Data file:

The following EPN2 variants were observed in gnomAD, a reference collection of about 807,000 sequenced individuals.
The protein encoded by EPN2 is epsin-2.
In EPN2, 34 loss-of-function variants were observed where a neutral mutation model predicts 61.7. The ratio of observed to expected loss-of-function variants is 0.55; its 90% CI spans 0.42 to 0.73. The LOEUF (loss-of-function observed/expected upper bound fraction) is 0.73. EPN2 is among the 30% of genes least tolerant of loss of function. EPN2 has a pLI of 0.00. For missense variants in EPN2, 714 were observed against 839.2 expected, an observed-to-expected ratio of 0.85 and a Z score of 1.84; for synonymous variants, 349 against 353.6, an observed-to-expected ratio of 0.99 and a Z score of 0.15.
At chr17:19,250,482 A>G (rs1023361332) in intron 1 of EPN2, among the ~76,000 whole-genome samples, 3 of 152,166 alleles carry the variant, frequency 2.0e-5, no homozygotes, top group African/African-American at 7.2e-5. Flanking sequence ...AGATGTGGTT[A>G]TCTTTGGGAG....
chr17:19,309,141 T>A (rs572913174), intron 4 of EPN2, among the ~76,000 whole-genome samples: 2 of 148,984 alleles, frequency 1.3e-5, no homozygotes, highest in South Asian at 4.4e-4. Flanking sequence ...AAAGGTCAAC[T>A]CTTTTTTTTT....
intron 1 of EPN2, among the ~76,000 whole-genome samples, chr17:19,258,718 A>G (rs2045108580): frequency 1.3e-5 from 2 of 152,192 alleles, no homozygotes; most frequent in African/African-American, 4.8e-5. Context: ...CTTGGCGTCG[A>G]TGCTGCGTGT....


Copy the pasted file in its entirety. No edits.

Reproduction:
The following EPN2 variants were observed in gnomAD, a reference collection of about 807,000 sequenced individuals.
The protein encoded by EPN2 is epsin-2.
In EPN2, 34 loss-of-function variants were observed where a neutral mutation model predicts 61.7. The ratio of observed to expected loss-of-function variants is 0.55; its 90% CI spans 0.42 to 0.73. The LOEUF (loss-of-function observed/expected upper bound fraction) is 0.73. EPN2 is among the 30% of genes least tolerant of loss of function. EPN2 has a pLI of 0.00. For missense variants in EPN2, 714 were observed against 839.2 expected, an observed-to-expected ratio of 0.85 and a Z score of 1.84; for synonymous variants, 349 against 353.6, an observed-to-expected ratio of 0.99 and a Z score of 0.15.
At chr17:19,250,482 A>G (rs1023361332) in intron 1 of EPN2, among the ~76,000 whole-genome samples, 3 of 152,166 alleles carry the variant, frequency 2.0e-5, no homozygotes, top group African/African-American at 7.2e-5. Flanking sequence ...AGATGTGGTT[A>G]TCTTTGGGAG....
chr17:19,309,141 T>A (rs572913174), intron 4 of EPN2, among the ~76,000 whole-genome samples: 2 of 148,984 alleles, frequency 1.3e-5, no homozygotes, highest in South Asian at 4.4e-4. Flanking sequence ...AAAGGTCAAC[T>A]CTTTTTTTTT....
intron 1 of EPN2, among the ~76,000 whole-genome samples, chr17:19,258,718 A>G (rs2045108580): frequency 1.3e-5 from 2 of 152,192 alleles, no homozygotes; most frequent in African/African-American, 4.8e-5. Context: ...CTTGGCGTCG[A>G]TGCTGCGTGT....